The interview strategy adopted in this research closely followed the prescriptions for open-ended interviewing as outlined by Lofland and Lofland (1995) and Prus (1996), but incorporated Gubrium and Holstein’s (1997) suggestions for exploring “layered” narratives through an “active interviewing” process. I required an interview strategy that would elicit free-ranging responses from people about their experiences with tattooing, including, of course, whether they view tattooing as deviant, different, rebellious or risk-taking. As a result, the interviews became narrative explorations of how people decide to become tattooed, experience tattooing, and rely upon a series of “interpretive resources” (Gubrium and Holstein, 1997) when telling stories about their tattoos.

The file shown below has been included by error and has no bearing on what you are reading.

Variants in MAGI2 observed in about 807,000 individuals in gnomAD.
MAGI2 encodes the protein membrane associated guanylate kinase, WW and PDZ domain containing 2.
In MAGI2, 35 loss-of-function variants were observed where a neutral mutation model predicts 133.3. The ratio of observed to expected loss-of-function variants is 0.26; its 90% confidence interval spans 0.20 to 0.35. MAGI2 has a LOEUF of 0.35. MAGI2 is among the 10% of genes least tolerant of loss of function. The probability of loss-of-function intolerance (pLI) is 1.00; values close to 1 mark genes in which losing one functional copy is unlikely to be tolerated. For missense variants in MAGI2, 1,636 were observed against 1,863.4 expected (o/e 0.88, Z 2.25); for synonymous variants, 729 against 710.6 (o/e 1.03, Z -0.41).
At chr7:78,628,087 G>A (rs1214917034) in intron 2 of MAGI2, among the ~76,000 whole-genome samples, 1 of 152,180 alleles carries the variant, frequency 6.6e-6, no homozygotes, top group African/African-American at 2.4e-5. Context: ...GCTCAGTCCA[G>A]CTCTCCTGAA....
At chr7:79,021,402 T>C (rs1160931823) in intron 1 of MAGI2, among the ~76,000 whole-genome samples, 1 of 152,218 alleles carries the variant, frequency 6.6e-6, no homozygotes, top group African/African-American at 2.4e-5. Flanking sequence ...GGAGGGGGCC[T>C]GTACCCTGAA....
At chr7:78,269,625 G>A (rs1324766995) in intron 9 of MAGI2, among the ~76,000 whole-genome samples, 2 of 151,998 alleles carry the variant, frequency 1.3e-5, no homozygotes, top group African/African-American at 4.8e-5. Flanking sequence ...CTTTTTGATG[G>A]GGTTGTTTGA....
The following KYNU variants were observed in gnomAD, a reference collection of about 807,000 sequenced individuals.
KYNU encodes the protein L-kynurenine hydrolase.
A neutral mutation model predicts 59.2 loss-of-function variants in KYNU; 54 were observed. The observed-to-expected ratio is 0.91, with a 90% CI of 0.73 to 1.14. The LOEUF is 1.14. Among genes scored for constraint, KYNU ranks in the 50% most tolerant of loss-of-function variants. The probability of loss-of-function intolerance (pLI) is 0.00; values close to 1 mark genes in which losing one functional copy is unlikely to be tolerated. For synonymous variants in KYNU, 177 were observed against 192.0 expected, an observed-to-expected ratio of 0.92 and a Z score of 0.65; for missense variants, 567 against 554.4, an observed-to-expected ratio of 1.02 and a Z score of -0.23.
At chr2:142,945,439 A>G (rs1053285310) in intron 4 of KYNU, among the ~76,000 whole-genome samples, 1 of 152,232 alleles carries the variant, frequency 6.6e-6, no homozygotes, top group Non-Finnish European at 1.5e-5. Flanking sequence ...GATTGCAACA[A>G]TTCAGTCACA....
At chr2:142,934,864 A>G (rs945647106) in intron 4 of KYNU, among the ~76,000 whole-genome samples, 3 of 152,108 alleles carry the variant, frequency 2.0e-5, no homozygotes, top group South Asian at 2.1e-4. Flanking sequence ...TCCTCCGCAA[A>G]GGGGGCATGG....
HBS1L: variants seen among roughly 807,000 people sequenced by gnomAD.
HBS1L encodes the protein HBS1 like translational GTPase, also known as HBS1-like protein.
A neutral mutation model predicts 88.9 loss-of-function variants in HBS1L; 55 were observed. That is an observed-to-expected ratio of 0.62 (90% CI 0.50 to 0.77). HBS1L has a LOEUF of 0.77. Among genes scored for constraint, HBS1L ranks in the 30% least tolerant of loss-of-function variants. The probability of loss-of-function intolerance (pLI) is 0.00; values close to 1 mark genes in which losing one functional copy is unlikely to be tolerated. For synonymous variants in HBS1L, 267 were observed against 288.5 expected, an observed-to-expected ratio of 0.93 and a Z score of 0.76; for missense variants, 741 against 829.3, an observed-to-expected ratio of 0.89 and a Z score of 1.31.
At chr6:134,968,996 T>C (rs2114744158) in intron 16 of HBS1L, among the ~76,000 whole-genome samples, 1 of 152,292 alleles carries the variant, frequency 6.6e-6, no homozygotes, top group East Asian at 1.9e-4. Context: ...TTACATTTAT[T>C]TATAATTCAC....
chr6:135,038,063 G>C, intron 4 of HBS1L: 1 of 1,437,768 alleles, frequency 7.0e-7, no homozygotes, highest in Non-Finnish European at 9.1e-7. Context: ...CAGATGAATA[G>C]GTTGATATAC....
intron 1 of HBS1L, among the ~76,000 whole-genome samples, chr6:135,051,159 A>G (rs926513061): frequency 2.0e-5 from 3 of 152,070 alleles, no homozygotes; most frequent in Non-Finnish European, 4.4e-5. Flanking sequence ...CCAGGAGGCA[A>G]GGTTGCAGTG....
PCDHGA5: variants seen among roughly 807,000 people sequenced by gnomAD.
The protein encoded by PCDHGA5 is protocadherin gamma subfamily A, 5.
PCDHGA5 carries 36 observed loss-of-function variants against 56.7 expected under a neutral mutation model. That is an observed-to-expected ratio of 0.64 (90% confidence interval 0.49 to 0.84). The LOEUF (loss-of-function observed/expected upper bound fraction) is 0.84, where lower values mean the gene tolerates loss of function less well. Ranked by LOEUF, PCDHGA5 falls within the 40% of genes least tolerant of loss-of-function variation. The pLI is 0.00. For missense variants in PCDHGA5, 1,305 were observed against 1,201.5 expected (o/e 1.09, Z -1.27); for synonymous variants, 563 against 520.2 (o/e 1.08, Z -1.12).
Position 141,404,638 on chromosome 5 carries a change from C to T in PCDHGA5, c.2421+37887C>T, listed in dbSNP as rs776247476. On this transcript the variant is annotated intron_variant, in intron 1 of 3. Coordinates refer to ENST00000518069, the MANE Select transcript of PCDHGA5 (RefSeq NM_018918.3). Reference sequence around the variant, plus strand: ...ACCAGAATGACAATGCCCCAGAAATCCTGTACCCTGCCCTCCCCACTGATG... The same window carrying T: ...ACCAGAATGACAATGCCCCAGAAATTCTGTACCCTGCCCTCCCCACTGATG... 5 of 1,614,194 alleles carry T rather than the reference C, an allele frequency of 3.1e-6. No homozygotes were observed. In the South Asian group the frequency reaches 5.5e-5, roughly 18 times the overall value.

As an elicitation technique, I often introduced academic interpretations of tattooing into the interviews. Academic constructions of tattoos sparked concern and frustration among enthusiasts because they feel academics grossly misinterpret the cultural relevance of tattoos in North America. Individuals, feeling particularly eager to address problems of academic interpretation, adopted a teacher’s role and lectured me at great length about the tattooing process. Interviews evolved into collaborative sessions addressing the ascendance of the body project in Canada and the interpretive vantage points from which people give meaning to tattoos. Exploring what Ronai (1992) refers to as “multi-layered accounts” of social experience, I subsequently inspected how people assign social meaning to their tattoos and how motivations for, experiences with, and constructions of tattooing are intersubjectively defined. Needless to say, the bulk of social scientific interpretations of tattooing resembled little of what I learned through field work with enthusiasts.